Key Objectives - Fresh meat

Yes, this is truly what I do for fun on my lunch-break.  I reckon it beats shopping for shoes by a factor of about eleventy million.

Strange Attraction

Happy Friday! I am declaring today to be particularly good, even as Happy Fridays go, since (1) I went for a run this morning, (2) the cubefarm has exploded into the amusing chaos of Yet Another Desk Reshuffle and (3) the first person I saw as I walked towards my building this morning was oliverm, smiling and waving at me. Good things.

There will be a Day 2 of Happiness Posting – in fact I will post it tonight, because tonight I miraculously have a night to myself which I intend to use for blogging and painting and the like. (I’ll also take this moment to point out that I never used the words ‘consecutive days’. And in the words of Nick Hornby, yes, that is a sneaky lawyer’s trick.)

In the meantime, have a little of my pontification on one of the Many Shiny Things I am excited about. This particular shiny thing is data. And datasets. Datamining. Visualisation. Information. I accept that this is a field that is dead sexy only to a very specific sub-set of people. However – trust me on this, unbelievers – for those of us wired in that particular way, it can be an intricate, exquisite, fascinating thing.

The web is beginning to engage with data in increasingly interesting ways. For one thing, free datasets are becoming more and more accessible and people are using them in ways that are sometimes artistic, sometimes functional, and very often both. While the plague of inaccessible data, siloed in institutions and organisations, still represents an incredible waste of potential, the situation is certainly improving. And, from an entirely different direction, Web2.0 technology has delivered the tools to easily collect one’s own raw data.

On the latter point, I’ve been running a small personal data collection project recently. Applications such as MapMyRide, FourSquare, Last.fm, LibraryThing, Sleep Cycles for iPhone and Delicious track a whole lot of stats already in a fairly passive, low-effort manner. In addition to those, I’ve adopted Your Flowing Data (YFD) to aggregate information on a number of other variables. There’s a YFD iPhone app, and a spiffy hack for Latitude users. (The very pretty Daytum tool also provides similar functionality.)

Obsessed, any?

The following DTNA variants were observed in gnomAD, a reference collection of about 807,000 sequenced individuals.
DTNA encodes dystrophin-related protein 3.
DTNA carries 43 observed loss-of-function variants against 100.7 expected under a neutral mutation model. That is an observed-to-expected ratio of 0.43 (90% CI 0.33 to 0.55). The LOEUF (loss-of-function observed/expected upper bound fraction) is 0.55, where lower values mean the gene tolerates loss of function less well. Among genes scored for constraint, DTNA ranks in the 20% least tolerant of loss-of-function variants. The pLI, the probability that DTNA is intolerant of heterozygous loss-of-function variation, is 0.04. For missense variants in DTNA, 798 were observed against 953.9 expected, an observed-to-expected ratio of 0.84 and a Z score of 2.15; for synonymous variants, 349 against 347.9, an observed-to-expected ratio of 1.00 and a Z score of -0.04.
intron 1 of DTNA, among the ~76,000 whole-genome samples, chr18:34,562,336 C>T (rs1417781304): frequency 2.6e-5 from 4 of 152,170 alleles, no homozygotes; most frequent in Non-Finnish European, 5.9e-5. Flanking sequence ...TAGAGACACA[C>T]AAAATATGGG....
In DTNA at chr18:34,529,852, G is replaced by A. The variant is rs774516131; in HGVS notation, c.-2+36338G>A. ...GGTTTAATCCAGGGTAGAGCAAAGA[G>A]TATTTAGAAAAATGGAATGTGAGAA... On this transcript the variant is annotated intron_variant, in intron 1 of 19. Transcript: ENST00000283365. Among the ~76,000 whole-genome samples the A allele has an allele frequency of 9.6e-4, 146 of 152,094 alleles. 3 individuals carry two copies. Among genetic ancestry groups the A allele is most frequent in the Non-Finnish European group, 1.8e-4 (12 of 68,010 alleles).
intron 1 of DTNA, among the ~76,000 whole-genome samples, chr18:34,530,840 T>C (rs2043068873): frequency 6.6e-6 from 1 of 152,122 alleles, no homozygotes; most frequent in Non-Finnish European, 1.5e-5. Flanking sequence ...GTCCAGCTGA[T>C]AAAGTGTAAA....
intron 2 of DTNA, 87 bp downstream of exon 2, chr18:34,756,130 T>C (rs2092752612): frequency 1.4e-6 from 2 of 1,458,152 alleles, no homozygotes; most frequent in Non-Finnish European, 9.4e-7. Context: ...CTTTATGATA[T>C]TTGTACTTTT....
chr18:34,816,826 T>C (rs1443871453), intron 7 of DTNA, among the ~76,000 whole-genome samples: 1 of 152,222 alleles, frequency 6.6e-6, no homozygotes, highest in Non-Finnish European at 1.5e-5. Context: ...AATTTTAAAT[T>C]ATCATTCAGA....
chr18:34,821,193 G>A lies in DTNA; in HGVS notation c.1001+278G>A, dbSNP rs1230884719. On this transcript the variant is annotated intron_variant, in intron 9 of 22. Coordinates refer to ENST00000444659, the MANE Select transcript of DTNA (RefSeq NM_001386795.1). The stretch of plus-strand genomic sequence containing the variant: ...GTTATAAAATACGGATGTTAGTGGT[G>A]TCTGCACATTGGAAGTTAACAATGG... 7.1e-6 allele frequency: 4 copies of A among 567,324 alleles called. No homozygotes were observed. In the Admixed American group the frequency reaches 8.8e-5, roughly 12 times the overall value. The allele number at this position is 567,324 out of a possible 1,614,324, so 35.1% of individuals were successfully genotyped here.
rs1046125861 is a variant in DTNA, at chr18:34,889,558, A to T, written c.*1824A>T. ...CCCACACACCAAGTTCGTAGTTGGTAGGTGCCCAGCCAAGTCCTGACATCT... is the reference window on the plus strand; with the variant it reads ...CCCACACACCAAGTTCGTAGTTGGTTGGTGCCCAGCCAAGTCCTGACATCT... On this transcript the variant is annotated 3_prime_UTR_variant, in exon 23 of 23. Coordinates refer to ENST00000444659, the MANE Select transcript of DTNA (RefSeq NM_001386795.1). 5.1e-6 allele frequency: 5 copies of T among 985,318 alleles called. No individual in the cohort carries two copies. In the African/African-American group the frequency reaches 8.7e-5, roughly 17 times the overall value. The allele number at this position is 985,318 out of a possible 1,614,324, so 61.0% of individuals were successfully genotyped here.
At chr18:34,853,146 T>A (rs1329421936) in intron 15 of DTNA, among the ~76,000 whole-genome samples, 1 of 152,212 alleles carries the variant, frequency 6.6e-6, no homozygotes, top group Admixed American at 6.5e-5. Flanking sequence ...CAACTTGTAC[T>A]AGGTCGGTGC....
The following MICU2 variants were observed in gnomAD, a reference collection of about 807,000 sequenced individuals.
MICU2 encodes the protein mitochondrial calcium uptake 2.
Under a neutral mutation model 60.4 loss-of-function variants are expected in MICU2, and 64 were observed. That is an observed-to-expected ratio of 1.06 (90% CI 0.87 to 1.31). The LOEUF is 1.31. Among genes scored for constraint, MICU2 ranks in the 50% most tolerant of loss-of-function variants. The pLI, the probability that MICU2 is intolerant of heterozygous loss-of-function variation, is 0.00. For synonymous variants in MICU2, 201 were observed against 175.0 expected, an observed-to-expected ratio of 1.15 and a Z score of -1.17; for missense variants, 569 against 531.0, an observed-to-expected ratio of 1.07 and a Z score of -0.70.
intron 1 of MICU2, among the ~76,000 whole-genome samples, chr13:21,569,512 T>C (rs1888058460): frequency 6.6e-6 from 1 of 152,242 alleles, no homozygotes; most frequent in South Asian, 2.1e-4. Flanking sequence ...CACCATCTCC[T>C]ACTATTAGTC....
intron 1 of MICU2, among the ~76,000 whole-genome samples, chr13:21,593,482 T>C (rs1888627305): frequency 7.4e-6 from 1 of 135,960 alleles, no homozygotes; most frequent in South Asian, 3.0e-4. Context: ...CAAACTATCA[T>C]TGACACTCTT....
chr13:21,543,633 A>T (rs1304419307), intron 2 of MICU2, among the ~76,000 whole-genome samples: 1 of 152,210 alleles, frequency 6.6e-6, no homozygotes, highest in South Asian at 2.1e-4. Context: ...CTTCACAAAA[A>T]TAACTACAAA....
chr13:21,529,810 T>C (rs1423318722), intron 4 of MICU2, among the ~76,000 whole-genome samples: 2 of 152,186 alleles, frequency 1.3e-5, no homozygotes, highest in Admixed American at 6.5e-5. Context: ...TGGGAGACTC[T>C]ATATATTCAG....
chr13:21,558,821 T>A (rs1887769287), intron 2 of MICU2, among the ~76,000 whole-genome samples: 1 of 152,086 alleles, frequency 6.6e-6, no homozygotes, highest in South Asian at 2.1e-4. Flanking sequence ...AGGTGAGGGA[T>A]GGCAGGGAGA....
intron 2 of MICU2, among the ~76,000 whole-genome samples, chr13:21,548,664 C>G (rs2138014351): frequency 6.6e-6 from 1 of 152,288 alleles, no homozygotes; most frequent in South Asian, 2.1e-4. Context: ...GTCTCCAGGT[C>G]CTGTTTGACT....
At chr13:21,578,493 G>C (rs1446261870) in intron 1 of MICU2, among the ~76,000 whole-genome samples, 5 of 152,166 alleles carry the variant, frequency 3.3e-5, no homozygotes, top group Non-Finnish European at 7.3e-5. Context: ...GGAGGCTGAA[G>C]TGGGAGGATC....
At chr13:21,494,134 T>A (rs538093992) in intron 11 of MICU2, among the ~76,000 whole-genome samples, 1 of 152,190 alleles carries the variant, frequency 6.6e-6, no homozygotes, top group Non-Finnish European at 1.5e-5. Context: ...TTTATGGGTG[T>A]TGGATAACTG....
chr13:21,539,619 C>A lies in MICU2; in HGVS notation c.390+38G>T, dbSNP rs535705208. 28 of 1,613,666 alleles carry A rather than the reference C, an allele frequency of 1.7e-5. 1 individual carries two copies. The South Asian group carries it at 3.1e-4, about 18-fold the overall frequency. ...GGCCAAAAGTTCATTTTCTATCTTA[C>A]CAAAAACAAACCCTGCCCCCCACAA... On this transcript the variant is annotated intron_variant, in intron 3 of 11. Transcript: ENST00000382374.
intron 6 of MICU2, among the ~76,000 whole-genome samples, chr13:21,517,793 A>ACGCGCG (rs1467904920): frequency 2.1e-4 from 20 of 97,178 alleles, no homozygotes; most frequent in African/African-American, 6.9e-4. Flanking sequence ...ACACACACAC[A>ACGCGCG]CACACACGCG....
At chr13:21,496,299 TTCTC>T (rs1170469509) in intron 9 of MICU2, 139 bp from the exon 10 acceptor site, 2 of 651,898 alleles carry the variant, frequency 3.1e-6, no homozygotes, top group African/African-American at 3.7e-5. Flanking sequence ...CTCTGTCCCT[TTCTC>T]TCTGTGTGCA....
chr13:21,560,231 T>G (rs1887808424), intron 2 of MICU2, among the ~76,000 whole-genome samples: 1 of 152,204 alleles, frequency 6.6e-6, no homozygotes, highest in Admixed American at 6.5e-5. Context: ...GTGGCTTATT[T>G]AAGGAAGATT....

Obsessed, any?

In a move that most consider an odd choice, I’ve made most of my staggeringly banal YFD data public, on a page called Banalytics (yes, I’m proud of that one). The reasons I’ve decided to open it up are various, but I’m particularly interested in the way it massively reduces my tendency to tell small, pointless lies, and feels like a gesture to towards understanding that people will choose to like me or not like me just as I am. (And of course there are the cynical days when I wonder whether maintaining privacy for the sake of privacy is a drain on my resources, and no more than a shared delusion.)

On a less personal and more academic level, I’m utterly fascinated by people who create large scale projects of this kind. Nicholas Felton is one of the best-known examples, and his personal Annual Reports have received plenty of coverage. (He also posts some really lovely stuff over at Tumblr!) His passion for design, information, for the appreciation of the very small – these things resonate with me and I can lose myself for great lengths of time in the existential detail of his work.

I struggle to find the right words to explain why I find this field so enchanting; it is a discipline of numbers and forms, not well suited to words. The attraction for me has much to do with shapes and patterns and relationships. Both the analysis and the visualisation are acts of beauty; acts of untangling immense webs, and of deft slicing and assembly. They are acts of perceiving the interconnectedness of things, and acts of holding that up and saying ‘see what I have found; see that it has meaning’. And they are the great heart – each heartbeat counted and illustrated – of the the intersection between the analytical and the designed.

For anyone interested in reading further, see below for a rambling assortment of the data blogs, tools, resources and datasets currently available on the web.

Data & Visualisation Blogs:
Data Wrangling
Flowing Data
DataBlog (The Guardian)
Information is Beautiful

Australian Bureau of Statistics
Data.gov (US)
UK Data Archive
UN Data
WHO Data and Statistics
OECD.Stat Extracts
UCI Machine Learning Repository
Time Series Data Library

Meta-lists of Datasets:
DataWrangling List
Datasets for Data Mining

Statistical Data Mining Tutorials


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@dilettantiquity is interested in an unreasonable number of things, including the wide and wonderful universe, happiness, well-being, wine, optimal human experience, non-violent communication, complex systems, existential nihilism, rationality, technology, grassroots organising, cacophony, music, creativity, learning and love.